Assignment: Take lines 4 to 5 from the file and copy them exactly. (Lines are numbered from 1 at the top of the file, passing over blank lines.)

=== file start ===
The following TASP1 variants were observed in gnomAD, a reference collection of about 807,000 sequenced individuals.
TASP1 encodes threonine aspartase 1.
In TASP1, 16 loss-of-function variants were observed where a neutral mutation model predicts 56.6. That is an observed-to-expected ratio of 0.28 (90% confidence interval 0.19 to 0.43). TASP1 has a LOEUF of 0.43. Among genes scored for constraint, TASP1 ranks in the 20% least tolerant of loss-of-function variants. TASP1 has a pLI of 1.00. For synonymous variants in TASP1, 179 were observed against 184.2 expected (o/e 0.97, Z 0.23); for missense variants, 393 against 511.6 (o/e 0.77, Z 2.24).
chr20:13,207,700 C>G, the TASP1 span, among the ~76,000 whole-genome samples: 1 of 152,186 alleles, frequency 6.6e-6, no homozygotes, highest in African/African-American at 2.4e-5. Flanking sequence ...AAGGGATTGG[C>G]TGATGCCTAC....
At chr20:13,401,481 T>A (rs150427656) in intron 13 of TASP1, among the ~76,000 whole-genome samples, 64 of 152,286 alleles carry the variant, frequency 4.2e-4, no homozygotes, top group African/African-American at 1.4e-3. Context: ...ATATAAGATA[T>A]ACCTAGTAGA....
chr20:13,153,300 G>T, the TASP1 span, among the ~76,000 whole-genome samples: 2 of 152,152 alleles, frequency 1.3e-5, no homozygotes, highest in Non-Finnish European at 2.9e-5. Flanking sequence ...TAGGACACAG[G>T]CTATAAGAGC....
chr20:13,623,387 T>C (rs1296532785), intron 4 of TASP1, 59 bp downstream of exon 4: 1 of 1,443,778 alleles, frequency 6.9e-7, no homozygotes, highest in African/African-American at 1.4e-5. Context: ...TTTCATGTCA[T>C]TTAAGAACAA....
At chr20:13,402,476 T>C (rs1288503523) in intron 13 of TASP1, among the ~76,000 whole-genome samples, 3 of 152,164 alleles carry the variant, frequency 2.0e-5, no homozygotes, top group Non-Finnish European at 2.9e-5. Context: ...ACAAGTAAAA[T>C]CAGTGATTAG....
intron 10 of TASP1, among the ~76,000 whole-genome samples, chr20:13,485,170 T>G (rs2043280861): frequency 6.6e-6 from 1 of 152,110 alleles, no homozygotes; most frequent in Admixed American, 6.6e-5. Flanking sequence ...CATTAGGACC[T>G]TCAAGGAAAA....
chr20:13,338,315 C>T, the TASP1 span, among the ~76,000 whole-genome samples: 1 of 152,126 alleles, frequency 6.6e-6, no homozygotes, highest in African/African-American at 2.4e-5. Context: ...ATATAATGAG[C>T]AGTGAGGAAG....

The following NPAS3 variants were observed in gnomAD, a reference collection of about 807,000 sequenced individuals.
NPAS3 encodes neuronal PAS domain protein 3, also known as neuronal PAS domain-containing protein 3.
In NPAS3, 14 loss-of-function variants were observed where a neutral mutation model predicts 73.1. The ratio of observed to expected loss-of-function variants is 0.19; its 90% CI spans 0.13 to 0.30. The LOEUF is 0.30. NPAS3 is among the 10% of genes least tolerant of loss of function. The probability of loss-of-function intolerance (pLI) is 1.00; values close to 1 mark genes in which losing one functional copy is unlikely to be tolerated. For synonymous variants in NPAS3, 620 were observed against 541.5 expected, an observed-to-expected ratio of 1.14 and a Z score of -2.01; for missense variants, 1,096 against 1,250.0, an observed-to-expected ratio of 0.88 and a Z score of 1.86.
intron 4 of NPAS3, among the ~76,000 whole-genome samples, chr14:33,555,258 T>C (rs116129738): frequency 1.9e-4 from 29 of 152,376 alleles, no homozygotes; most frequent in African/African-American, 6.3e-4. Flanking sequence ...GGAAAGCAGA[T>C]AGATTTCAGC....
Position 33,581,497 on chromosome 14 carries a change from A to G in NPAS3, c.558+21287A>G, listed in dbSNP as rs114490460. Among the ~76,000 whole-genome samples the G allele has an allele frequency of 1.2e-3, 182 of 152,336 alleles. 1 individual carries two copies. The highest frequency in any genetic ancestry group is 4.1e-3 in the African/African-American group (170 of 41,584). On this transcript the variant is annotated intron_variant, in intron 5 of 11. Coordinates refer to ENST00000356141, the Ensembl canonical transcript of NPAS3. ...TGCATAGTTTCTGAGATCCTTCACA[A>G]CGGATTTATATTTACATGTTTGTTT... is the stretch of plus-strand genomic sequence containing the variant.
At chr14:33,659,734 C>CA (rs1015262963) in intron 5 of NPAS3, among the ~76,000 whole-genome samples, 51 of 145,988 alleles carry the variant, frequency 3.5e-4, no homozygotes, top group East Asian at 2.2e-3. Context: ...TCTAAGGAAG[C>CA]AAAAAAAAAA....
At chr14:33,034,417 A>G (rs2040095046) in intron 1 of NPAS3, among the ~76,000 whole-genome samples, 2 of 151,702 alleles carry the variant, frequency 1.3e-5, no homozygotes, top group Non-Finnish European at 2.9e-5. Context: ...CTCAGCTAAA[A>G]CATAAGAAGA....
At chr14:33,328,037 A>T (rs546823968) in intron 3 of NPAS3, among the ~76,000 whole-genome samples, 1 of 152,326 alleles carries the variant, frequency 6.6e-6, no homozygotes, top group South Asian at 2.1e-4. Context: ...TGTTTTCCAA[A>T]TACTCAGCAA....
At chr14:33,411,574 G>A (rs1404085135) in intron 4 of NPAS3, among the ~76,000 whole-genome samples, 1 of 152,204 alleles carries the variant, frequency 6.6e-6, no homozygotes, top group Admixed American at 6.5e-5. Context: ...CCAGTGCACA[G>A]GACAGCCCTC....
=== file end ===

chr20:13,207,700 C>G, the TASP1 span, among the ~76,000 whole-genome samples: 1 of 152,186 alleles, frequency 6.6e-6, no homozygotes, highest in African/African-American at 2.4e-5. Flanking sequence ...AAGGGATTGG[C>G]TGATGCCTAC....
At chr20:13,401,481 T>A (rs150427656) in intron 13 of TASP1, among the ~76,000 whole-genome samples, 64 of 152,286 alleles carry the variant, frequency 4.2e-4, no homozygotes, top group African/African-American at 1.4e-3. Context: ...ATATAAGATA[T>A]ACCTAGTAGA....